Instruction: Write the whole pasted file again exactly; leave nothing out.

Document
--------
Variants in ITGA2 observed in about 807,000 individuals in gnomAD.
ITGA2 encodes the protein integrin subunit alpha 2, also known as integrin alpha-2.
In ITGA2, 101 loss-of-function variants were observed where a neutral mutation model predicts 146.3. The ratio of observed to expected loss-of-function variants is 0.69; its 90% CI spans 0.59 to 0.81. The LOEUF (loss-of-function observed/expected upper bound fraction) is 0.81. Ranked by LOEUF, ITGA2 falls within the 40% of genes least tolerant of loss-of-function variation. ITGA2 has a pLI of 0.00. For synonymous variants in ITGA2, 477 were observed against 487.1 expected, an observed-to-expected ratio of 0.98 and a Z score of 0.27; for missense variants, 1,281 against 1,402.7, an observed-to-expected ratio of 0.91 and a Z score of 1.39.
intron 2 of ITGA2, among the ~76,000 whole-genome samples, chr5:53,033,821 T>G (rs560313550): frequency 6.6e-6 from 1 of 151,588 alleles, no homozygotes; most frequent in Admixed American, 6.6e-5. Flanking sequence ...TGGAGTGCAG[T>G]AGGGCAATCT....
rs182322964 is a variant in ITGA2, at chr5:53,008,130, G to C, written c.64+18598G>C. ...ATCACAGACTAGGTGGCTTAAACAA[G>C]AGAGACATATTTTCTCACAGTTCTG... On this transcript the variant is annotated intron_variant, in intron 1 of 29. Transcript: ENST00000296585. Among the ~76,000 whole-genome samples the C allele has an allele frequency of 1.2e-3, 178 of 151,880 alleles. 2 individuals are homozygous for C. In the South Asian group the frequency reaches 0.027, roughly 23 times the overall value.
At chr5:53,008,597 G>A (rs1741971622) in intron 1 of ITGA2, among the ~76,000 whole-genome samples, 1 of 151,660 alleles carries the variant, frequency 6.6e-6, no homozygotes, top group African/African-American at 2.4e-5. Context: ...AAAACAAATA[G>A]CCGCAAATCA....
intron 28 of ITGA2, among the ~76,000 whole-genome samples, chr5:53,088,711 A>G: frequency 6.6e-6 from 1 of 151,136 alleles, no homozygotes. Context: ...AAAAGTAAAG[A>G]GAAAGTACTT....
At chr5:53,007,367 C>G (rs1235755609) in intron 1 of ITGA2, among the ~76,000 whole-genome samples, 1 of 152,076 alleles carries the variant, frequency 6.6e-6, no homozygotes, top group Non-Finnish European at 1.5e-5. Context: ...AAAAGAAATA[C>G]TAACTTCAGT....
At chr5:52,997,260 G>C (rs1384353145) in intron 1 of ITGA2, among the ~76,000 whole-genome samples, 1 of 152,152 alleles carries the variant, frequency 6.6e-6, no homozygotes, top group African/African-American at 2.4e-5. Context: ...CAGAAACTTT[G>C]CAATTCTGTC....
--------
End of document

Variants in ITGA2 observed in about 807,000 individuals in gnomAD.
ITGA2 encodes the protein integrin subunit alpha 2, also known as integrin alpha-2.
In ITGA2, 101 loss-of-function variants were observed where a neutral mutation model predicts 146.3. The ratio of observed to expected loss-of-function variants is 0.69; its 90% CI spans 0.59 to 0.81. The LOEUF (loss-of-function observed/expected upper bound fraction) is 0.81. Ranked by LOEUF, ITGA2 falls within the 40% of genes least tolerant of loss-of-function variation. ITGA2 has a pLI of 0.00. For synonymous variants in ITGA2, 477 were observed against 487.1 expected, an observed-to-expected ratio of 0.98 and a Z score of 0.27; for missense variants, 1,281 against 1,402.7, an observed-to-expected ratio of 0.91 and a Z score of 1.39.
intron 2 of ITGA2, among the ~76,000 whole-genome samples, chr5:53,033,821 T>G (rs560313550): frequency 6.6e-6 from 1 of 151,588 alleles, no homozygotes; most frequent in Admixed American, 6.6e-5. Flanking sequence ...TGGAGTGCAG[T>G]AGGGCAATCT....
rs182322964 is a variant in ITGA2, at chr5:53,008,130, G to C, written c.64+18598G>C. ...ATCACAGACTAGGTGGCTTAAACAA[G>C]AGAGACATATTTTCTCACAGTTCTG... On this transcript the variant is annotated intron_variant, in intron 1 of 29. Transcript: ENST00000296585. Among the ~76,000 whole-genome samples the C allele has an allele frequency of 1.2e-3, 178 of 151,880 alleles. 2 individuals are homozygous for C. In the South Asian group the frequency reaches 0.027, roughly 23 times the overall value.
At chr5:53,008,597 G>A (rs1741971622) in intron 1 of ITGA2, among the ~76,000 whole-genome samples, 1 of 151,660 alleles carries the variant, frequency 6.6e-6, no homozygotes, top group African/African-American at 2.4e-5. Context: ...AAAACAAATA[G>A]CCGCAAATCA....
intron 28 of ITGA2, among the ~76,000 whole-genome samples, chr5:53,088,711 A>G: frequency 6.6e-6 from 1 of 151,136 alleles, no homozygotes. Context: ...AAAAGTAAAG[A>G]GAAAGTACTT....
At chr5:53,007,367 C>G (rs1235755609) in intron 1 of ITGA2, among the ~76,000 whole-genome samples, 1 of 152,076 alleles carries the variant, frequency 6.6e-6, no homozygotes, top group Non-Finnish European at 1.5e-5. Context: ...AAAAGAAATA[C>G]TAACTTCAGT....
At chr5:52,997,260 G>C (rs1384353145) in intron 1 of ITGA2, among the ~76,000 whole-genome samples, 1 of 152,152 alleles carries the variant, frequency 6.6e-6, no homozygotes, top group African/African-American at 2.4e-5. Context: ...CAGAAACTTT[G>C]CAATTCTGTC....